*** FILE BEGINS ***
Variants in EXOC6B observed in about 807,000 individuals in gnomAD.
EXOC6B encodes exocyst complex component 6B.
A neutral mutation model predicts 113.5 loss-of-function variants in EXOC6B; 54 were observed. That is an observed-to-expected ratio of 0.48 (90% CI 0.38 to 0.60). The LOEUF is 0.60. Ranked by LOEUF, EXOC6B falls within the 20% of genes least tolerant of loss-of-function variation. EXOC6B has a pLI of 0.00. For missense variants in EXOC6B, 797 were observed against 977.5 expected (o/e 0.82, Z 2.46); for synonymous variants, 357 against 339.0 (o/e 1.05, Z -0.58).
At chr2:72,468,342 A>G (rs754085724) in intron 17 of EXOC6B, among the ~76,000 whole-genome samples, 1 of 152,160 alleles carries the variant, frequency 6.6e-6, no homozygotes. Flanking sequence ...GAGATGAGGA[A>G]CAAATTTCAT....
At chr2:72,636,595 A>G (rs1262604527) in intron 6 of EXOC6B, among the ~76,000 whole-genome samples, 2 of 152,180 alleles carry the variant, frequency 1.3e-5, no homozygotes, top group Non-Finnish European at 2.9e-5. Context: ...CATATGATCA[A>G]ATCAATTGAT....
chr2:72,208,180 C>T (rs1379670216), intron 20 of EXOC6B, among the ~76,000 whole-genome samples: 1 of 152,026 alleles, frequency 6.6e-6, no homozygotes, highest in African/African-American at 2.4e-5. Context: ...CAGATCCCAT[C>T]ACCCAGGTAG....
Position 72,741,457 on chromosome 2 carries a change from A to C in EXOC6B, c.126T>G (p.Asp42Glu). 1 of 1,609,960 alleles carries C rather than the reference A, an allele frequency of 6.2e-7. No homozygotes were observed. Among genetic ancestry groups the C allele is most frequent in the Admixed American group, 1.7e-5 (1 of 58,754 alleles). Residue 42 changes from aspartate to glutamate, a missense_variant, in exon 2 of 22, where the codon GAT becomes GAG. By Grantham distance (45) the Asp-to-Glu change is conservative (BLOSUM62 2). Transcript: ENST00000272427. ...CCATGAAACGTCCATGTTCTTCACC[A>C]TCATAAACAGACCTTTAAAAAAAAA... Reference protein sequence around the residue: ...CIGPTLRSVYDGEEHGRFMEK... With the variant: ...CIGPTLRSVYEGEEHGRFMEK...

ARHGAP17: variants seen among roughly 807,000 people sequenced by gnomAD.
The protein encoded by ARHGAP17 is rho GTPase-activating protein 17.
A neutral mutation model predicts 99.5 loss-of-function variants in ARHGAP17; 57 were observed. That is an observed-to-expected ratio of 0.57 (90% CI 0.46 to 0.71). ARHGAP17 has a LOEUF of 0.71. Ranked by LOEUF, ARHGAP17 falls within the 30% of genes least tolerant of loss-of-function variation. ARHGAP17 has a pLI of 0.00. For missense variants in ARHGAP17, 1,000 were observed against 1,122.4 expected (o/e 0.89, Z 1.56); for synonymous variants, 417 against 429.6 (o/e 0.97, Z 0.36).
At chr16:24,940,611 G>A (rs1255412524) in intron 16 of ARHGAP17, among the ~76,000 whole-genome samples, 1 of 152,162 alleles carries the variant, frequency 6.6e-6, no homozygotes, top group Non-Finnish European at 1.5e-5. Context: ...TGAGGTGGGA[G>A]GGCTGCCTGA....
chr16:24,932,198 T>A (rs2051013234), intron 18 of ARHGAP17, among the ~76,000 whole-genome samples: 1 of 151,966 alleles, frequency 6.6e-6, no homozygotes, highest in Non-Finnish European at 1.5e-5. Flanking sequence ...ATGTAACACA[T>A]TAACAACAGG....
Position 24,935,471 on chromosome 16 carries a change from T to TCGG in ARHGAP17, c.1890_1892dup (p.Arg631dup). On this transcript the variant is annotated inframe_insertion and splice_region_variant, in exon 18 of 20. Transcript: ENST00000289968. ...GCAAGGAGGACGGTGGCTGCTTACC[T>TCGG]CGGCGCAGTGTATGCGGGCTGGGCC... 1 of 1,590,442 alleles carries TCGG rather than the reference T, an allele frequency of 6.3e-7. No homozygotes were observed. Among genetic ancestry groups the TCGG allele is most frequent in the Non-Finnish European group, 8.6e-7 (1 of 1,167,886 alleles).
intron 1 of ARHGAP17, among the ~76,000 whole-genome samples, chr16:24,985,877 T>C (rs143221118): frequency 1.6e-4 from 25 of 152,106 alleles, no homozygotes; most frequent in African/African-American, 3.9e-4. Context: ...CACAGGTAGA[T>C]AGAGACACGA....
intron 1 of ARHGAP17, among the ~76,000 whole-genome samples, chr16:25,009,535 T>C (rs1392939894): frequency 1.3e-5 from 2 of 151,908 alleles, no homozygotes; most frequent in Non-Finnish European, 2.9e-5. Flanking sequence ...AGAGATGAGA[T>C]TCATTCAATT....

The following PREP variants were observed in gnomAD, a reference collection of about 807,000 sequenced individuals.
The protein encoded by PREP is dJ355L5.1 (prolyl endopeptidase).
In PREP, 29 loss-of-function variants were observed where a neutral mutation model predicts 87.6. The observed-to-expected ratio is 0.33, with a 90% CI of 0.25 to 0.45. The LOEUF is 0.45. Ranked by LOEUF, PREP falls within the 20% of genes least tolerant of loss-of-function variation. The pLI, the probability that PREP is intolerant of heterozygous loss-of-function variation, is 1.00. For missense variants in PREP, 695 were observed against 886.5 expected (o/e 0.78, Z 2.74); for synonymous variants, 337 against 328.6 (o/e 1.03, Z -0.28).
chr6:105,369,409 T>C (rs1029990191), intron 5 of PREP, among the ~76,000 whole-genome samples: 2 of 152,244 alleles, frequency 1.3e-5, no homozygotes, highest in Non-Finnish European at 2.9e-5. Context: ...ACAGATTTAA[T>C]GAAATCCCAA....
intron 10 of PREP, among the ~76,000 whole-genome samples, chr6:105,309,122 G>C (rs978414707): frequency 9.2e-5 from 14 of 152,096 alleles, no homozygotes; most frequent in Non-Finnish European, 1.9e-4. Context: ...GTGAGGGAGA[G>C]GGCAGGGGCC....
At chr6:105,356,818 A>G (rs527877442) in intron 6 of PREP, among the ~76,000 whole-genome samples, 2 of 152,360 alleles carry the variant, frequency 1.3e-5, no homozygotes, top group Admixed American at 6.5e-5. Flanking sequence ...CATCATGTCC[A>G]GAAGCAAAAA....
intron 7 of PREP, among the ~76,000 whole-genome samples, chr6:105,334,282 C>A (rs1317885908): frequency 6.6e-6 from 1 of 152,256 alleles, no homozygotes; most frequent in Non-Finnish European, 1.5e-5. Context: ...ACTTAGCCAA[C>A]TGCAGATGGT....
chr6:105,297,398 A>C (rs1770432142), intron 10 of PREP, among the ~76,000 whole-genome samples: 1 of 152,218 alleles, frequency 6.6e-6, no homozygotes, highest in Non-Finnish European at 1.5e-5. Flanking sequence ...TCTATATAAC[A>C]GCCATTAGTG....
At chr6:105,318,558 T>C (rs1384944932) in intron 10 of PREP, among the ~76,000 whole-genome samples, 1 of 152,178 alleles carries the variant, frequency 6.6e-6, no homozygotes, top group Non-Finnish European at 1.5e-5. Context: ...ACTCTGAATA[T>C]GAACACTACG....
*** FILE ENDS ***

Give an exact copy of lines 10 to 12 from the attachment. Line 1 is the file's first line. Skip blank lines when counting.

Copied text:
A neutral mutation model predicts 99.5 loss-of-function variants in ARHGAP17; 57 were observed. That is an observed-to-expected ratio of 0.57 (90% CI 0.46 to 0.71). ARHGAP17 has a LOEUF of 0.71. Ranked by LOEUF, ARHGAP17 falls within the 30% of genes least tolerant of loss-of-function variation. ARHGAP17 has a pLI of 0.00. For missense variants in ARHGAP17, 1,000 were observed against 1,122.4 expected (o/e 0.89, Z 1.56); for synonymous variants, 417 against 429.6 (o/e 0.97, Z 0.36).
At chr16:24,940,611 G>A (rs1255412524) in intron 16 of ARHGAP17, among the ~76,000 whole-genome samples, 1 of 152,162 alleles carries the variant, frequency 6.6e-6, no homozygotes, top group Non-Finnish European at 1.5e-5. Context: ...TGAGGTGGGA[G>A]GGCTGCCTGA....
chr16:24,932,198 T>A (rs2051013234), intron 18 of ARHGAP17, among the ~76,000 whole-genome samples: 1 of 151,966 alleles, frequency 6.6e-6, no homozygotes, highest in Non-Finnish European at 1.5e-5. Flanking sequence ...ATGTAACACA[T>A]TAACAACAGG....